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What is Confucianism?

Confucianism, the ideas of Confucius, is a complex and multifaceted philosophy. Its teachings are centred on the idea of personal and societal improvement through the cultivation of virtuous behaviour and ethical conduct. Confucianism emphasizes the importance of education as a means of achieving personal and societal improvement, with an emphasis on the pursuit of knowledge and practical experience.

One of the core tenets of Confucianism is the belief in social harmony and the promotion of the common good. Confucian thought emphasizes the importance of respecting others and fulfilling one’s social responsibilities, as well as the role of the government in promoting social harmony and ensuring the well-being of its citizens.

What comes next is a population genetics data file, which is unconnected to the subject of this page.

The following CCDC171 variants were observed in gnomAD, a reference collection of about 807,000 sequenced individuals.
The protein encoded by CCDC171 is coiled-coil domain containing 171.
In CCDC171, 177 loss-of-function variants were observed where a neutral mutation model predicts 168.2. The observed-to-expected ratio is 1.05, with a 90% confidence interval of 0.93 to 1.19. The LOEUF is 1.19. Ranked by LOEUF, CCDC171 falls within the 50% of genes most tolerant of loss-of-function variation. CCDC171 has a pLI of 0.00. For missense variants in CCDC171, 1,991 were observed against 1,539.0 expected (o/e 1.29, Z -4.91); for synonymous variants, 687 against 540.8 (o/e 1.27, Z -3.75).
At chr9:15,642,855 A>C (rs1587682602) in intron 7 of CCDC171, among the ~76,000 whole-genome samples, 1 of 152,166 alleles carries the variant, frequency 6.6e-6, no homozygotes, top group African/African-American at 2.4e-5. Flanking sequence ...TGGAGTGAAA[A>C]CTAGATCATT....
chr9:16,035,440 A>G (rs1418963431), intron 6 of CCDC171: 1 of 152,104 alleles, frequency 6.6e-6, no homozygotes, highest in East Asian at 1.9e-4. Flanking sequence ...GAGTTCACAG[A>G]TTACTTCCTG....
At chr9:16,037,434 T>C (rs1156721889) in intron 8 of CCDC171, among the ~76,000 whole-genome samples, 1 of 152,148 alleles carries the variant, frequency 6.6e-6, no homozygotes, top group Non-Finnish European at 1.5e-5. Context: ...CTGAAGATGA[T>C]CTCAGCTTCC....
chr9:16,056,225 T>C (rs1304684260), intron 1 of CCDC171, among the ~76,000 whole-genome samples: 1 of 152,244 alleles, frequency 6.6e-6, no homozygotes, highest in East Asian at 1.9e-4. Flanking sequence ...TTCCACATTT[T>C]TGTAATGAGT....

Another important aspect of Confucianism is the emphasis on respect for authority and tradition. Confucian teachings stress the importance of following the customs and traditions of one’s ancestors, as well as the need to respect and obey authority figures. This has helped to shape Chinese society into a hierarchical and orderly system, with a strong emphasis on respecting and following the rules.

Confucius’ Ideas on Education

According to Confucius, learning is a lifelong pursuit that requires dedication and persistence. And some of his teachings can be applied to English learning, or language learning in general!